Chinese demand break up of HSBC: Bank’s biggest shareholder Ping An wants Asian spin-off
HSBC is facing calls from its biggest investor to split the bank into two.
Chinese insurance giant Ping An, which has an 8 per cent stake, has told executives it wants to see the bank spin off its Asian business into a separate entity listed on the Hong Kong stock market.
The rupture with Ping An marks a worsening of HSBC’s geopolitical woes, with the bank increasingly torn between China and the West.
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Ping An, which has its headquarters in Shenzhen and is part-owned by the Chinese government, argues that a separate business would be able to generate bigger profits.
It believes HSBC, which is led by chairman Mark Tucker and chief executive Noel Quinn, is being held back by its Europe business and as a result shares have lagged over the past five years, down 24 per cent over the period.
But Tucker has rebuffed calls for a break-up, saying yesterday at HSBC’s annual meeting that he was happy with the group’s strategy and performance.
But he is under increasing pressure as about 65 per cent of profits come from Asia, compared to just 20 per cent from Europe.
The bank has controversially sided with China over the past couple of years. HSBC came under heavy criticism in 2020 from British politicians when it backed Hong Kong’s controversial national security law that led to widespread protests in 2019.
It also froze the accounts of democracy activists protesting against China’s crackdown on freedom of expression in Hong Kong. Ping An has reportedly told HSBC that this balancing act would be harder, with China’s failure to condemn the Russian invasion of Ukraine cited as a factor that would increase tensions.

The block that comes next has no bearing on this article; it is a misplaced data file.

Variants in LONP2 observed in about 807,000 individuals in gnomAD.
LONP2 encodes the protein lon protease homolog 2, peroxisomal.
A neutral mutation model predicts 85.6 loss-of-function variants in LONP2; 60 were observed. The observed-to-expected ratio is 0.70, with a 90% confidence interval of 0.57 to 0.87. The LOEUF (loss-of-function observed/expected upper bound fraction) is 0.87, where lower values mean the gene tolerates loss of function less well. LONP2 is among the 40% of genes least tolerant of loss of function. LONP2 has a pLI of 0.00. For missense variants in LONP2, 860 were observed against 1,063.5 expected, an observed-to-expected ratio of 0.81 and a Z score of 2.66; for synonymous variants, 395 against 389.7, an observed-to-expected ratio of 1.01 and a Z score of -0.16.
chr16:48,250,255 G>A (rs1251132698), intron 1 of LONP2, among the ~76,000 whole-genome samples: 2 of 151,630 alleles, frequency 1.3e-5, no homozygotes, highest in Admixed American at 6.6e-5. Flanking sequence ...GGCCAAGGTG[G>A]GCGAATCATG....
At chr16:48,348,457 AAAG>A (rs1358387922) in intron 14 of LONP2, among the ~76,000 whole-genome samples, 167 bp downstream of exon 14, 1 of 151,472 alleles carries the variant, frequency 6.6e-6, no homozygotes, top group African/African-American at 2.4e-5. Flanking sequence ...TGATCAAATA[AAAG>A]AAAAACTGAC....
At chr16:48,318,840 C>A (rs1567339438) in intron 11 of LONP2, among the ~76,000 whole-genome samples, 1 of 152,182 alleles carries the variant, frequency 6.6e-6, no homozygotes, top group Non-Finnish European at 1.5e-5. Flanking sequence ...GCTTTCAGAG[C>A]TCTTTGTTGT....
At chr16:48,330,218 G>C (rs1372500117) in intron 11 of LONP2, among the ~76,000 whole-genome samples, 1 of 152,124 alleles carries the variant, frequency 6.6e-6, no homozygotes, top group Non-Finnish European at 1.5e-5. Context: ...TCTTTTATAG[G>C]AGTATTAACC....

‘HSBC has found itself in a situation where it’s stuck between a rock and a hard place, trying to please the East and the West at the same time,’ said Gary Greenwood, at broker Shore Capital.
He added: ‘The reason for HSBC maintaining its current global structure is that it’s a global bank but if globalisation is in reverse the logic is less obvious. The bank has also been moving senior executives to Asia, although the CEO has yet to move.’
A second top-10 shareholder told the Financial Times that Ping An’s proposal was a ‘pretty interesting idea’, adding: ‘For HSBC, it’s existential. They are not in a tenable structure. You wouldn’t create this institution from scratch.’
Breaking up the bank would follow the Prudential playbook. The insurance group split its Asian unit from UK operations in 2019, but kept its listing in London.
The new businesses, Prudential, M&G and Jackson National, are collectively worth £4billion more than they were as one entity.
HSBC said it had a ‘regular programme of engagement with all our investors’ and that it believed it had ‘the right strategy’ and was ‘focused on executing it’.